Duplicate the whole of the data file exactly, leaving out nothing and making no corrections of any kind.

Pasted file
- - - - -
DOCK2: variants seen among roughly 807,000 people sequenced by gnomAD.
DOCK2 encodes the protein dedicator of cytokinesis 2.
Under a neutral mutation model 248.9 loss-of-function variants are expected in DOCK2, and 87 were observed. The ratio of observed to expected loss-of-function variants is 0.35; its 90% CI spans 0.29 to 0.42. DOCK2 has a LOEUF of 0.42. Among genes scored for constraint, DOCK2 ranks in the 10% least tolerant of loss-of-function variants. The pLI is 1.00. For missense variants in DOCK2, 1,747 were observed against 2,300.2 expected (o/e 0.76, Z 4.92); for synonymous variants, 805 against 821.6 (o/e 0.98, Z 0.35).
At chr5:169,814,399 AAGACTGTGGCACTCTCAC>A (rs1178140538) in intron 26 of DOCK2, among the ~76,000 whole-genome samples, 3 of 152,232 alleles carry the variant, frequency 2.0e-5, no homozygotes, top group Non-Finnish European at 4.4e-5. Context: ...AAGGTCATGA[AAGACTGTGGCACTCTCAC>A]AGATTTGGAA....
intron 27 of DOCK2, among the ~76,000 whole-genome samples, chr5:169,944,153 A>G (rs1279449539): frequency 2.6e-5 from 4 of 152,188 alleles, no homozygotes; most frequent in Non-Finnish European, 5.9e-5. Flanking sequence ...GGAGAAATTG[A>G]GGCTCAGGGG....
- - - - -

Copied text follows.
DOCK2: variants seen among roughly 807,000 people sequenced by gnomAD.
DOCK2 encodes the protein dedicator of cytokinesis 2.
Under a neutral mutation model 248.9 loss-of-function variants are expected in DOCK2, and 87 were observed. The ratio of observed to expected loss-of-function variants is 0.35; its 90% CI spans 0.29 to 0.42. DOCK2 has a LOEUF of 0.42. Among genes scored for constraint, DOCK2 ranks in the 10% least tolerant of loss-of-function variants. The pLI is 1.00. For missense variants in DOCK2, 1,747 were observed against 2,300.2 expected (o/e 0.76, Z 4.92); for synonymous variants, 805 against 821.6 (o/e 0.98, Z 0.35).
At chr5:169,814,399 AAGACTGTGGCACTCTCAC>A (rs1178140538) in intron 26 of DOCK2, among the ~76,000 whole-genome samples, 3 of 152,232 alleles carry the variant, frequency 2.0e-5, no homozygotes, top group Non-Finnish European at 4.4e-5. Context: ...AAGGTCATGA[AAGACTGTGGCACTCTCAC>A]AGATTTGGAA....
intron 27 of DOCK2, among the ~76,000 whole-genome samples, chr5:169,944,153 A>G (rs1279449539): frequency 2.6e-5 from 4 of 152,188 alleles, no homozygotes; most frequent in Non-Finnish European, 5.9e-5. Flanking sequence ...GGAGAAATTG[A>G]GGCTCAGGGG....